License to laugh (lcnse2laff)
Special Report: License to laugh (lcnse2laff)
They're everywhere on the road, they're 'Car-azy,' and 'Rock-en.' Some are 'Succulent,' even 'Spicy;' maybe too spicy, like this one: PMPN Is it pimping? Or something else?
And what about this: IAMAQT? John Harrison says it means "I am a cutie."
And some seem to make no sense at all RETSEHC, read it backwards and 'Chester' appears.
Some are acronyms; people who instant message know this one 'ROTFL' - Rolling on the floor laughing.
So when you're stuck in traffic, you might see a plate that might not mean a thing, but in fact, it could be funny and sometimes, down-right offensive.
Take the plate on this Purple Harley: IDGAF.
"What would that mean?- I don't give a @#$%," says Jillann Morris, the plate’s creator.
At the time it was issued to her, the Registry almost said no because it might indicate profanity.
"I told him I didn't know what he was talking about, that says 'I do good after 5,' he just laughed at me and said, OK, you can have it then," Morris said.
That was two years ago, and even today the Registrar gives it a green light.
"I'm not going out of my way to restrict the creativity of others, unless it's blatantly offensive. I would not consider this blatantly offensive," says Massachusetts RMV Registrar, Anne Collins.
7News found several license plates on Massachusetts roads that have shadow meanings, including KMRIA, which means Kiss My Royal Irish, well, you get the idea.
There's RTFM; read the "blank" manual
Amanda Phillips, a vanity plate owner, agrees with the sentiment. "Every time you call tech support, they'll say, RTFM."
Here's another: LAGNAF; One meaning is let's all get naked and, well, you get the idea.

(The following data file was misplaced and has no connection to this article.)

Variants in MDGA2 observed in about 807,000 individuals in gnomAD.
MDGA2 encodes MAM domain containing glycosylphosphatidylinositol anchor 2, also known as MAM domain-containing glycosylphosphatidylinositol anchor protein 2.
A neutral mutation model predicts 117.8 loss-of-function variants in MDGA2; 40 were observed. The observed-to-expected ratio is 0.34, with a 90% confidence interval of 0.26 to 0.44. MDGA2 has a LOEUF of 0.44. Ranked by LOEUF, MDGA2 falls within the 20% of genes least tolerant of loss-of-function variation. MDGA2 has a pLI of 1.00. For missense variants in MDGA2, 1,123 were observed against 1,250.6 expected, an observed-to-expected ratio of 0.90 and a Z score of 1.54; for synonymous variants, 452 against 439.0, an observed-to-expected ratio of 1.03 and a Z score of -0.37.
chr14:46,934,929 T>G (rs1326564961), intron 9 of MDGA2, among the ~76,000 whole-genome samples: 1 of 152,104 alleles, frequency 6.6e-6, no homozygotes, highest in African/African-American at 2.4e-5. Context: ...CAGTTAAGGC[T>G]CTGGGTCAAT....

We showed our list to the Registrar, and she says, these plates are OK with her, as long as their creators keep paying the $50 annual fee.
Registrar Collins says, "if you're looking to be offended, you're always going to be offended."
And there's no question what this means: YNKSSK
"It says, Yanks Suck," Kevin O'Callaghan, the person who created the plate says.
Registrar Collins says, "I don't think in this city, or in Massachusetts, you're not going to find a lot of people who are offended by that."
Which is fine by those who pay to express themselves in public, by the public.
Amanda Phillips, who drives a car with ANARCH on the plate, says"if we have to have license plates on our cars, at least give us freedom of speech on our license plate."
Spoken like a true Anarch, which is short for Anarchist. So when you're in traffic and can't figure out what a license plate means, you might not want to.
The Registry is always updating it's guidelines on what's appropriate for vanity plates. And the Registrar points out that she reserves the right to revoke any plate at any time, because all license plates are state property.
(Copyright (c) 2006 Sunbeam Television Corp. All Rights Reserved. This material may not be published, broadcast, rewritten or redistributed.)